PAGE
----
You still need your clothes to fit

So you’re determined to be modest. You want your clothes to be lovely, yet reliably provide coverage no matter what fool things you do.

After all, it’s not like any of us… squat or get on our knees to play with our children or clean up messes, bend over or reach up to get things off the lowest or highest shelf, trot across streets to make it in time…

It doesn’t matter what we do, we don’t live in dressing rooms. We need clothes that fit us and won’t let us down. And mainstream fit isn’t quite right for us, typically. Sometimes yes, and sometimes no, in some ways it’s right and in others no way, José.

It also depends on the standards of modesty you adhere to. Some Christian and Jewish women fit their clothes similarly to mainstream women, with considerably more coverage, while there are Muslim ladies who keep their clothing loose and flowing so that the outlines of their bodies cannot be seen. I believe most of us prefer our clothing not too fitted, as being against the spirit of the law if not the letter of it.

In any case, proper fit is the first step towards banishing frumpiness and sloppiness. The first step is taking your measurements.

This is an all inclusive series of measurements you might need for buying online, having clothes made for you or having items tailored(they typically take their own measurements however.) It includes what you’d need for hats, shoes, boots, collared shirts and blazers. Also handy for thrifting, at times. This is just an idea of some measurements that could be handy, depending on what you need.


From FashionMia.

This is a set of typical measurements for shopping online, a very useful and necessary skill.

For mainstream sizes, they typically allow two inches(ish) more than your measurement as “ease”; that is, room to get into a garment and move around. I’m sure we all know of the ladies who have to lie down to zip up their jeans! They’re experiencing a garment with no ease.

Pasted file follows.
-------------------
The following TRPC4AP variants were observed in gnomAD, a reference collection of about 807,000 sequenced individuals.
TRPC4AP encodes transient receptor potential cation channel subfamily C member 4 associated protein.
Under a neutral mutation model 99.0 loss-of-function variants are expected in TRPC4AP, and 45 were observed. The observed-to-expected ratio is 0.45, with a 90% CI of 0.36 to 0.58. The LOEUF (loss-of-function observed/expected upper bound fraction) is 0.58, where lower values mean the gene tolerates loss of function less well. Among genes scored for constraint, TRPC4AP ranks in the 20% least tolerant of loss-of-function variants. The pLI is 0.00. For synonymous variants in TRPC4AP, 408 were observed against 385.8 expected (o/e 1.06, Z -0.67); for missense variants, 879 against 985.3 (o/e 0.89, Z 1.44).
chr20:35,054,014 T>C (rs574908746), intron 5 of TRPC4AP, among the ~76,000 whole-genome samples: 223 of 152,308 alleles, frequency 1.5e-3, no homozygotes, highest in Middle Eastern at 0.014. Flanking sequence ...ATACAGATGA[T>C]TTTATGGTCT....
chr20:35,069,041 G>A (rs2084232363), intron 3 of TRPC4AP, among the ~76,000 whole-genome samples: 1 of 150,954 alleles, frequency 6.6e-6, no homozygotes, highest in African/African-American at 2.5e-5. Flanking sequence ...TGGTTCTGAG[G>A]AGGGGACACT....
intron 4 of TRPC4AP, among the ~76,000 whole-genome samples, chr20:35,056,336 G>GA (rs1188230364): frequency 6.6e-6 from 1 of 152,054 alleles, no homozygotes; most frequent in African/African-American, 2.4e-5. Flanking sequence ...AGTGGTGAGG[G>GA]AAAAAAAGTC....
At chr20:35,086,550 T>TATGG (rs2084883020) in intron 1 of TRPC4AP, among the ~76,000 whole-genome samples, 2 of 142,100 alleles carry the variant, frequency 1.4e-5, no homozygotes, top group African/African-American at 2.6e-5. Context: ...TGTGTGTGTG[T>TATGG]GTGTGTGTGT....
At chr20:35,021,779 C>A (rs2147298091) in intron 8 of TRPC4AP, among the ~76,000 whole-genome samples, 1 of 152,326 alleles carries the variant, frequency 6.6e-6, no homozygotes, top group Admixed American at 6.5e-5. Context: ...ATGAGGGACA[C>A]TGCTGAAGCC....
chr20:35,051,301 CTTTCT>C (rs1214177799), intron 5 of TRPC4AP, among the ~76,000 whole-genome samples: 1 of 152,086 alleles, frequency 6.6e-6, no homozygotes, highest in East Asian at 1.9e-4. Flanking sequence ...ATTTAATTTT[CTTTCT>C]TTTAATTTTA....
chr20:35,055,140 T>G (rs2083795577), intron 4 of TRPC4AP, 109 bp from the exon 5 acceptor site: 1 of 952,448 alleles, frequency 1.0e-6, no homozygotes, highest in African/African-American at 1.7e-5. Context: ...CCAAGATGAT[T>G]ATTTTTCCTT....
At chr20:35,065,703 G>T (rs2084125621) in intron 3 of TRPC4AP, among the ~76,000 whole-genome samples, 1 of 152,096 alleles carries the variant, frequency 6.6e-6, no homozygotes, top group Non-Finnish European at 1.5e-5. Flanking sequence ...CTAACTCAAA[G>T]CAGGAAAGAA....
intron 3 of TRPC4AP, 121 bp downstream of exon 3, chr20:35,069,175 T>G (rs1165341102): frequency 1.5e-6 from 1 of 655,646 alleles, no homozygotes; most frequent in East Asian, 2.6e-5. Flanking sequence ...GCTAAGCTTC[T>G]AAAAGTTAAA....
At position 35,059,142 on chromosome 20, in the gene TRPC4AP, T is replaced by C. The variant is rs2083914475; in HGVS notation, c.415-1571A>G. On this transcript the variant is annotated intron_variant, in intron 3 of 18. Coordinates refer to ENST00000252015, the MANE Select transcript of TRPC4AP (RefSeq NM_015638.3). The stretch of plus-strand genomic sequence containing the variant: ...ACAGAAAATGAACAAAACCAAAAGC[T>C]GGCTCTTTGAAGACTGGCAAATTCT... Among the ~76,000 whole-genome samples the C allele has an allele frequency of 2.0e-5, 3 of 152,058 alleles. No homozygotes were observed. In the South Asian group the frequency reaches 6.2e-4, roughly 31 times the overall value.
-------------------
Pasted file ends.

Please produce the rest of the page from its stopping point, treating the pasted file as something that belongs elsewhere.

Of course, you know this, but none of your clothes should be tight, bulging, hurting or too small whatever. Being a plus size modest fashionista particularly is not easy, but I do not care if you can cover up the part that reveals how tight they are; get rid of those clothes! After all, you’re a child of God, yes? The God of Abraham, Isaac and Jacob never called you to wear clothes that hurt you. Let them go, girl.

Now, you might think that more ease makes something more modest. But besides this being the train to frumpytown, it depends on what it is. Leggings with too much ease are just baggy and look sad under your skirt. Jeans with too much ease will keep sliding down. (Relaxed fit have a bit more ease through the lower hips and legs, not the waist.) Unless your shirt has a high neckline, more ease will make it less modest- it will slide down in front and off your shoulder. I find it works best to focus on ease in the right areas as well as focusing on how different layers are eased rather than just going bigger.

For instance, you do always want your shoulders well fitted. There’s no call for your shoulder seams to be too big or too small, or moving around like the dancers on Soul Train. Everything hangs from the shoulders. But your bust and belly can be significantly flowier without losing anything from the fit of the garment, if that’s how it is built.